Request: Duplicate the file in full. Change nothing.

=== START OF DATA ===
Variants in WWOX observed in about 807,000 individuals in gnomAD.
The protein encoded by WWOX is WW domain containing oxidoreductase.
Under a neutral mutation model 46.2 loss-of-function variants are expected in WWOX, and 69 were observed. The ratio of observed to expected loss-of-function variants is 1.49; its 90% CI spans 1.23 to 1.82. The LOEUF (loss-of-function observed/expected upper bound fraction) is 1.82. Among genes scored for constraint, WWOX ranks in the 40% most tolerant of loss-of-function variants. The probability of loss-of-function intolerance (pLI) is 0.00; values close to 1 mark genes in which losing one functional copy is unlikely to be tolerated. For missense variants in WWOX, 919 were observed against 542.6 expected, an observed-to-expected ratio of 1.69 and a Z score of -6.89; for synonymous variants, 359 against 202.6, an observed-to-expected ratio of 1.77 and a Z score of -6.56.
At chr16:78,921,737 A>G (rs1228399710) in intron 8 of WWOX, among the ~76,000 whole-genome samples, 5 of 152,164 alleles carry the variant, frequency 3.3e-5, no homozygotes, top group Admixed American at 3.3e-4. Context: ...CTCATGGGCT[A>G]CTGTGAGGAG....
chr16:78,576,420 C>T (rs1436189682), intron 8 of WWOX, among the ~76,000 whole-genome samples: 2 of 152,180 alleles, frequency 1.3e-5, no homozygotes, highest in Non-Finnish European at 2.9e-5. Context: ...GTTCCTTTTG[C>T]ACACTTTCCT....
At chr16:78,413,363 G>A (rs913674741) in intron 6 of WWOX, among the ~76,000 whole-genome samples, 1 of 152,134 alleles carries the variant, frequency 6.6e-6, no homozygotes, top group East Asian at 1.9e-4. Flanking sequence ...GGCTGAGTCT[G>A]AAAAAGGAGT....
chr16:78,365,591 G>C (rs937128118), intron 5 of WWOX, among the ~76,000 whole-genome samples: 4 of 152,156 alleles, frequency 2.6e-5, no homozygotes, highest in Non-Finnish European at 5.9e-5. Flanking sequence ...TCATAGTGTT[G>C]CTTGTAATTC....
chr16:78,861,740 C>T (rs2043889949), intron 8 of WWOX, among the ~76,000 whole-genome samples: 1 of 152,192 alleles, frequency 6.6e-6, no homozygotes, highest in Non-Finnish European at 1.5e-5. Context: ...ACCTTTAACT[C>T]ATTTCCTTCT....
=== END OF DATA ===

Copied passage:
Variants in WWOX observed in about 807,000 individuals in gnomAD.
The protein encoded by WWOX is WW domain containing oxidoreductase.
Under a neutral mutation model 46.2 loss-of-function variants are expected in WWOX, and 69 were observed. The ratio of observed to expected loss-of-function variants is 1.49; its 90% CI spans 1.23 to 1.82. The LOEUF (loss-of-function observed/expected upper bound fraction) is 1.82. Among genes scored for constraint, WWOX ranks in the 40% most tolerant of loss-of-function variants. The probability of loss-of-function intolerance (pLI) is 0.00; values close to 1 mark genes in which losing one functional copy is unlikely to be tolerated. For missense variants in WWOX, 919 were observed against 542.6 expected, an observed-to-expected ratio of 1.69 and a Z score of -6.89; for synonymous variants, 359 against 202.6, an observed-to-expected ratio of 1.77 and a Z score of -6.56.
At chr16:78,921,737 A>G (rs1228399710) in intron 8 of WWOX, among the ~76,000 whole-genome samples, 5 of 152,164 alleles carry the variant, frequency 3.3e-5, no homozygotes, top group Admixed American at 3.3e-4. Context: ...CTCATGGGCT[A>G]CTGTGAGGAG....
chr16:78,576,420 C>T (rs1436189682), intron 8 of WWOX, among the ~76,000 whole-genome samples: 2 of 152,180 alleles, frequency 1.3e-5, no homozygotes, highest in Non-Finnish European at 2.9e-5. Context: ...GTTCCTTTTG[C>T]ACACTTTCCT....
At chr16:78,413,363 G>A (rs913674741) in intron 6 of WWOX, among the ~76,000 whole-genome samples, 1 of 152,134 alleles carries the variant, frequency 6.6e-6, no homozygotes, top group East Asian at 1.9e-4. Flanking sequence ...GGCTGAGTCT[G>A]AAAAAGGAGT....
chr16:78,365,591 G>C (rs937128118), intron 5 of WWOX, among the ~76,000 whole-genome samples: 4 of 152,156 alleles, frequency 2.6e-5, no homozygotes, highest in Non-Finnish European at 5.9e-5. Flanking sequence ...TCATAGTGTT[G>C]CTTGTAATTC....
chr16:78,861,740 C>T (rs2043889949), intron 8 of WWOX, among the ~76,000 whole-genome samples: 1 of 152,192 alleles, frequency 6.6e-6, no homozygotes, highest in Non-Finnish European at 1.5e-5. Context: ...ACCTTTAACT[C>T]ATTTCCTTCT....